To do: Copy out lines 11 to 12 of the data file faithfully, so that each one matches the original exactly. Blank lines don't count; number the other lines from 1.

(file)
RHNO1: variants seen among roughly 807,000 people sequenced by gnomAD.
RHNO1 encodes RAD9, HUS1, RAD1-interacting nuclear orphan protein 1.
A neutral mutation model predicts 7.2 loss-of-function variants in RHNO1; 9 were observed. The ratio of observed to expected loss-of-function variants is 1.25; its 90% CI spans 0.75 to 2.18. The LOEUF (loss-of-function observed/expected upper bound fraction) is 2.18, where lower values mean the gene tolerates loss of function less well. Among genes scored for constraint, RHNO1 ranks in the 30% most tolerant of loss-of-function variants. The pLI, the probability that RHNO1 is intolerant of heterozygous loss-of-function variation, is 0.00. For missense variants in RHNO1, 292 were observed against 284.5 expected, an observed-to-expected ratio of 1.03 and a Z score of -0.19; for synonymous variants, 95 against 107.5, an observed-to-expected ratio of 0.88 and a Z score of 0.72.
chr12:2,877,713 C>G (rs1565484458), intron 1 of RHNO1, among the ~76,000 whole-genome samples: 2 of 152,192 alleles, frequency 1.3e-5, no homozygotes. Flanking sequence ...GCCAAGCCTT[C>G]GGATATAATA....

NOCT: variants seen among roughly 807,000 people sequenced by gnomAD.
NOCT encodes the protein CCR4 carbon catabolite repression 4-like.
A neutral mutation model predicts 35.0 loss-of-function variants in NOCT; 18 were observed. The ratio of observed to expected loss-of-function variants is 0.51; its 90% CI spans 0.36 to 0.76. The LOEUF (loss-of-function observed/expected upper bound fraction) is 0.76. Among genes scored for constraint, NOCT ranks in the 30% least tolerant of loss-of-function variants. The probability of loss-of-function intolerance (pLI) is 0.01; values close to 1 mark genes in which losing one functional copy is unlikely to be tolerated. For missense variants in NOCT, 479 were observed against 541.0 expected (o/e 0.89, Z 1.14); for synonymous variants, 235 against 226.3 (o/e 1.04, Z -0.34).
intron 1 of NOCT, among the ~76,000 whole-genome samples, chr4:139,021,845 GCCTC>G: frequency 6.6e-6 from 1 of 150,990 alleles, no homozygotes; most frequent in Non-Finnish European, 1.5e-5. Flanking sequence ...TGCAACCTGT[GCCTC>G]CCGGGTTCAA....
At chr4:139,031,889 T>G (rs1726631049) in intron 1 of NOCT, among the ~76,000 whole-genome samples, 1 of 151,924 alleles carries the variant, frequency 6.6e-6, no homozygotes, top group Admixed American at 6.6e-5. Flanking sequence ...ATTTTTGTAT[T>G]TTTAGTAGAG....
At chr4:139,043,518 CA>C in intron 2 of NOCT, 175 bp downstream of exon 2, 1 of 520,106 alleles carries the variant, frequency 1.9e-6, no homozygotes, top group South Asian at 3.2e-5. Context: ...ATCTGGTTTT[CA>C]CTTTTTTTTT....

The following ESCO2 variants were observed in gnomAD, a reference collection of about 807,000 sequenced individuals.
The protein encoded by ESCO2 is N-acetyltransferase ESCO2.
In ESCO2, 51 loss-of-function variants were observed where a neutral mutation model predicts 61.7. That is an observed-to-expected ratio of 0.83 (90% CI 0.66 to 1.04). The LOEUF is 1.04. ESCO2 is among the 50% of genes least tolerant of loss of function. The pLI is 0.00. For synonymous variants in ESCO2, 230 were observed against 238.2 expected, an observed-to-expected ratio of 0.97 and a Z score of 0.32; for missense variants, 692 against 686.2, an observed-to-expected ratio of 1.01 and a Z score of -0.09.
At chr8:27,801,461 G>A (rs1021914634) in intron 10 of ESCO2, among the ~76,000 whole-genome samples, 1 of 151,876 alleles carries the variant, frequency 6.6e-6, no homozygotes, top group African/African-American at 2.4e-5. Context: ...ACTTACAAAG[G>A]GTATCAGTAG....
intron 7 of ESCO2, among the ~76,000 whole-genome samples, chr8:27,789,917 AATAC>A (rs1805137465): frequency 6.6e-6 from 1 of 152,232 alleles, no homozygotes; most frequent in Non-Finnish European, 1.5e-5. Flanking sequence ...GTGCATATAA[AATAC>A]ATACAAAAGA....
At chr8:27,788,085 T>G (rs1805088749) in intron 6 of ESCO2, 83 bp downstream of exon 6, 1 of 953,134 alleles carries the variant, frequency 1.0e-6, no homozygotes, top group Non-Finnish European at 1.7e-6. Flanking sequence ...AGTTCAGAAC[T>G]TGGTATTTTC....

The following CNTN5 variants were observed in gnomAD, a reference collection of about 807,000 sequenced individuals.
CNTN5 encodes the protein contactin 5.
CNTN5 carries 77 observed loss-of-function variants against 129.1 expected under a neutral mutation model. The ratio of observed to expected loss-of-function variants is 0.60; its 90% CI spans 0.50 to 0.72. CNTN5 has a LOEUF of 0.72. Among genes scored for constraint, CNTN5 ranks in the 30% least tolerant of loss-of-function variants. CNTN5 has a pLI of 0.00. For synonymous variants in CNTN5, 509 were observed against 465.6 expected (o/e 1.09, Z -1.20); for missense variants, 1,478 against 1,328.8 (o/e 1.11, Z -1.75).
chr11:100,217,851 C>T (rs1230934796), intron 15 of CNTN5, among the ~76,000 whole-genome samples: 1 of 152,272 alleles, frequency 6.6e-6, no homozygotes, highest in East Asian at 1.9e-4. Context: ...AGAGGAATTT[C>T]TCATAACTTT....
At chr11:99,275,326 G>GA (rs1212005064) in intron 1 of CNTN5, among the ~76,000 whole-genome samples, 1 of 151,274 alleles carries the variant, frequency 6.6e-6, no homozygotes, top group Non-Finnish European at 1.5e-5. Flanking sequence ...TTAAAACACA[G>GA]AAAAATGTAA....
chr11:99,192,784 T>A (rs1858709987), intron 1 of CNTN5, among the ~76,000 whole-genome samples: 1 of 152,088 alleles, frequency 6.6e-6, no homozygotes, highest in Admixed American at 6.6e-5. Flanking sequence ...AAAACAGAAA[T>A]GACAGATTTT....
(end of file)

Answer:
The following ESCO2 variants were observed in gnomAD, a reference collection of about 807,000 sequenced individuals.
The protein encoded by ESCO2 is N-acetyltransferase ESCO2.